“My son has big feelings and can be what most people perceive as sensitive,” says dance and movement psychotherapist Jennifer Sterling. “It’s often difficult for him to find his words right away, so asking him to draw something or use colors that represent how he’s feeling, or inviting him to move with me in ways that help him explore what he might be feeling is something we use regularly.”
Why it works: Kids don’t always have to “use their words” to be understood, and listening isn’t the only tool parents have to understand their children’s needs. “Creative expression has been an incredible tool for us,” says Sterling.
6. “I’m your mother, but I don’t live in your body. What does it feel like? What’s your brain feeling?”
Feelings don’t happen in a vacuum—they live in our bodies. Yetunde Rubinstein uses this phrase to help her daughters (ages 10 and 12) realize the power of self-awareness. “They know what hurts, what feels off, even if they can’t explain why,” Rubinstein says.
Camille Trummer, a fellow mom of two, guides her 5-year-old daughter to use the sentence structure “My heart feels [blank]. My body feels [blank]” with the same intention.
Why it works: This phrase can help teach your children about the mind and body connection, and can also help you as a parent to separate the behavior from the child—they’re not being bad, they’re trying to communicate about what feels bad.
“When your child bangs his fist on the table, you have the urge to correct him, but you know that’s not really going to fix the problem,” says Tamar Chansky, a child psychologist and founder of the Children’s and Adult Center for OCD and Anxiety in Pennsylvania. “Instead of discipline, say, ‘Your body is saying something with those fists, what is it saying? Can you ask them?'”
7. “What color are you right now?”
Assigning feelings to colors is done in cartoons (hello, Inside Out!), marketing, and also as a common therapeutic strategy for children. “Green can be calm and ready to learn, yellow means starting to lose control, red means out of control, and blue would be tired or low energy,” explains Amy Rollo, a psychotherapist and founder of Heights Family Counseling in Houston, Texas. “No zone is labeled as good or bad, but as expected or unexpected.”
You can also work with your child to develop a color system that’s unique to them, assigning colors to emotions such as sadness, excitement, fear, anger, and shame.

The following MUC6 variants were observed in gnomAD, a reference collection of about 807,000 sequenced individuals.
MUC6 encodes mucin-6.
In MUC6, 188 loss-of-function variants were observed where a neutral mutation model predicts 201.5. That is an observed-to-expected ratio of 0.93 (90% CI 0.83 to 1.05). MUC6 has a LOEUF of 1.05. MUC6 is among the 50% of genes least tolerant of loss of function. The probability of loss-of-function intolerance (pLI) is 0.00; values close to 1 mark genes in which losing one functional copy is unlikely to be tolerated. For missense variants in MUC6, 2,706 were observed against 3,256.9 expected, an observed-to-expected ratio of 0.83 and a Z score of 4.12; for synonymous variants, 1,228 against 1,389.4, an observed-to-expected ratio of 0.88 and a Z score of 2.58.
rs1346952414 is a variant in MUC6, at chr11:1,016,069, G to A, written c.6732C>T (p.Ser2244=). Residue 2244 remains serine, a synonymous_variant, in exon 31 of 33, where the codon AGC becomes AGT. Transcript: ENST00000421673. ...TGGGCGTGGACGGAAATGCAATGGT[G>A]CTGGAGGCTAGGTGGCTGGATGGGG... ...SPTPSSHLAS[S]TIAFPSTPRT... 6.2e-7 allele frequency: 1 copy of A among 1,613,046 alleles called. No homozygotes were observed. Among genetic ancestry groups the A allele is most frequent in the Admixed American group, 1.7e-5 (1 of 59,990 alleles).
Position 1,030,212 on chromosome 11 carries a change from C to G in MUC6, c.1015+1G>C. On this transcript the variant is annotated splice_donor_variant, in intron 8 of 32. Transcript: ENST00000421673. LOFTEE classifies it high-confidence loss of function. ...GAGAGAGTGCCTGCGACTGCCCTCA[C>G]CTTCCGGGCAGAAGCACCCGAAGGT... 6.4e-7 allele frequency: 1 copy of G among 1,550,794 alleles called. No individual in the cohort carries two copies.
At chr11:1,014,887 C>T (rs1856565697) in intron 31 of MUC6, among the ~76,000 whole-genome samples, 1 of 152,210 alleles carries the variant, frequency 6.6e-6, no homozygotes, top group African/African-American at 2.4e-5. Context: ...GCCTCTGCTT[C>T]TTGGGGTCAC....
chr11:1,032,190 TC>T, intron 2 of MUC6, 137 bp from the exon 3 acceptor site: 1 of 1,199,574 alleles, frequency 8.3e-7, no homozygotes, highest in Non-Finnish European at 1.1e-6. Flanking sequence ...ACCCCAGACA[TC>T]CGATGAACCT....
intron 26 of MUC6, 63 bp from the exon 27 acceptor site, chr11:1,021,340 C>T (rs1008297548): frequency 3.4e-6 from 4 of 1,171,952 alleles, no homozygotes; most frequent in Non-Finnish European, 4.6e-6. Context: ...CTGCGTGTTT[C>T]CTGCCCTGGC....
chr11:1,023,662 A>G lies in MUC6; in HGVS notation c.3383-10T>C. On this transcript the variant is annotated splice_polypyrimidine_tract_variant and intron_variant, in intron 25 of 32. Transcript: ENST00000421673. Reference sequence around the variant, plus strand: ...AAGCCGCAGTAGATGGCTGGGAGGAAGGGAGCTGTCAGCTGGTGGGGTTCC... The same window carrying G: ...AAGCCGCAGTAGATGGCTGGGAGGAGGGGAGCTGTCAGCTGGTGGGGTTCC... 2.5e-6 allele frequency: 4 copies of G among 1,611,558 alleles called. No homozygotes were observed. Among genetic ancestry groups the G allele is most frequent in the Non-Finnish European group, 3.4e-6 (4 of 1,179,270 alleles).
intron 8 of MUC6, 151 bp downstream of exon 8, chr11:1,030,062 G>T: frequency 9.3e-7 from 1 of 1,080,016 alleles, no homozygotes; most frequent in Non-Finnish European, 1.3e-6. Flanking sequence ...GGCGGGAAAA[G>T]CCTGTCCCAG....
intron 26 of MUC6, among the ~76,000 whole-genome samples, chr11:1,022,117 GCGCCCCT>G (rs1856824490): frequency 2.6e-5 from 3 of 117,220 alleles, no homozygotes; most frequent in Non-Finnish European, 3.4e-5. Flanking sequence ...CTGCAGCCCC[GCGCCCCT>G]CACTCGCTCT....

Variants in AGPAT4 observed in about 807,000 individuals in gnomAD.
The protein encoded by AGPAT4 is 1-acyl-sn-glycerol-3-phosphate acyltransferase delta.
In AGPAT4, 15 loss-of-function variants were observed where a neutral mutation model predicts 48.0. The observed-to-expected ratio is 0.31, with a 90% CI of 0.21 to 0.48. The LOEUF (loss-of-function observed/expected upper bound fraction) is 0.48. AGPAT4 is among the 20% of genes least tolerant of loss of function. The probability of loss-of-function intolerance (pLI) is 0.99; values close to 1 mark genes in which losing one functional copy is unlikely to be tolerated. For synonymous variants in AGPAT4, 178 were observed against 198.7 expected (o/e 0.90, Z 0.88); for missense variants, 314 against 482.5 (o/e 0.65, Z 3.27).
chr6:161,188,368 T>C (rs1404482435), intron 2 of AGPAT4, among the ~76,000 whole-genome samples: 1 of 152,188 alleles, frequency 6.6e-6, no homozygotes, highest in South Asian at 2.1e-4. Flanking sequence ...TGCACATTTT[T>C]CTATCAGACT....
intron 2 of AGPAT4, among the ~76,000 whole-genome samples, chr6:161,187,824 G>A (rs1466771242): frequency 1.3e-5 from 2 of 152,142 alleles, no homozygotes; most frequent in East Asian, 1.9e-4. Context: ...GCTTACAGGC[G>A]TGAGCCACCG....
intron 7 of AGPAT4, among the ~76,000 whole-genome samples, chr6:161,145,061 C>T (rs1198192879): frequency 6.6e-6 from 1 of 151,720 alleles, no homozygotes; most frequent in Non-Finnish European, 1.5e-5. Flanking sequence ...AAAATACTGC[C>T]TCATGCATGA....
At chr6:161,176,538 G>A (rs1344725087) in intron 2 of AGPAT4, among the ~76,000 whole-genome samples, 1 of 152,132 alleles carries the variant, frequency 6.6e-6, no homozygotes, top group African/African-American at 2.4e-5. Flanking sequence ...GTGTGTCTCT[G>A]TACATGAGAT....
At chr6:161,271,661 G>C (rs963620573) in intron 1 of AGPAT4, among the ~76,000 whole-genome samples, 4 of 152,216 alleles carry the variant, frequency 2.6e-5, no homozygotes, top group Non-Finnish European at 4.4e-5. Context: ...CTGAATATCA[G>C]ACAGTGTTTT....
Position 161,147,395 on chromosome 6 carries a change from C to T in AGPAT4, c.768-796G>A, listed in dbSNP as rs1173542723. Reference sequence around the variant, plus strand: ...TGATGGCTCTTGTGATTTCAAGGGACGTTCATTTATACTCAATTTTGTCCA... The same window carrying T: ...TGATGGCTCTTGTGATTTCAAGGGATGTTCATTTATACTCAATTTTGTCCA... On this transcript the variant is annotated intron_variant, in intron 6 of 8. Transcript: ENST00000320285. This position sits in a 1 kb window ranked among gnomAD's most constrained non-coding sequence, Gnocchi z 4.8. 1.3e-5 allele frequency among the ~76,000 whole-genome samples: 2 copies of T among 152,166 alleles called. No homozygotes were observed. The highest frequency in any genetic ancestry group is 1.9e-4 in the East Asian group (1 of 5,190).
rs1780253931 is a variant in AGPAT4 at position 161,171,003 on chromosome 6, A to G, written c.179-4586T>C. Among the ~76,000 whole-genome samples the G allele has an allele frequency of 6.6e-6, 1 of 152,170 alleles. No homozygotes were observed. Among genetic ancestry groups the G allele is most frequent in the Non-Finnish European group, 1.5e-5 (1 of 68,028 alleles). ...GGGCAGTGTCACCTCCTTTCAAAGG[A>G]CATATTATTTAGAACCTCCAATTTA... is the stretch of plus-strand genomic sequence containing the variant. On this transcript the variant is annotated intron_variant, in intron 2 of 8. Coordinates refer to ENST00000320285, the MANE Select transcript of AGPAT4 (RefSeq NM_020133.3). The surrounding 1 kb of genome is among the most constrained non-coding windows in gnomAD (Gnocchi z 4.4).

Then add in body awareness by asking your kiddo where they feel those emotions on their bodies, suggests Sarvenaz Sepehri, a California-based licensed clinical psychologist. “For example: fear might show up in [the] stomach when one gets butterflies in their tummy, or happiness might get expressed by how fast one’s heart beats,” she says.
Why it works: “Children begin to make the mind-body connection, as well as learn appropriate coping skills,” Rollo says.
8. “Let’s take a deep breath. Look in the mirror, wipe your face and straighten your clothes.”
“I know that sometimes even as an adult I need a moment alone to pull myself together,” says pre-med mom Samareua Pope. “I want to encourage my daughter to be fearless and to face things head on, which is why I implement the looking-in-the-mirror portion of this phrase. This works the best because nine times out of 10 she comes back with a dry face and an eager attitude to work through what may have just been happening.”
Why it works: This phrase is like a reset button for kids, teaching them how to center themselves and move past the meltdown.
Deep breathing is a coping mechanism that works across all age groups—taking a deep breath in and a long exhale helps with getting grounded. A sweet way to teach your child how to do this is by saying, “Smell the flowers, blow out the candles.”
9. “I’m going to go fishing…tell me if I caught anything!”
“If you have a child who is reluctant to say anything about feelings, you can say, ‘I’m going to go fishing. I’m going to name something that someone might be feeling now, and you tell me if I caught anything,'” says child psychologist Tamar Chansky. “The parent can mime casting a fishing line and offer a feeling—’I’m mad because I keep missing the net when I try to shoot a basket’—then say, ‘Did I catch anything?’ If not, try another feeling,” she says.
Why it works: “Eventually parents ‘catch’ the right feeling their child has,” Chansky says, “or sometimes, just having the conversation helps kids figure out what they need. At the very least they appreciate your efforts at valuing their feelings and trying to help them express them.”
None of these phrases and strategies are one-time fixes, but they can all be part of an ongoing conversation between you and your kids. Give your kids the space to provide answers and solutions themselves, and they’ll grow to understand how to express their feelings and emotions—even the tough ones.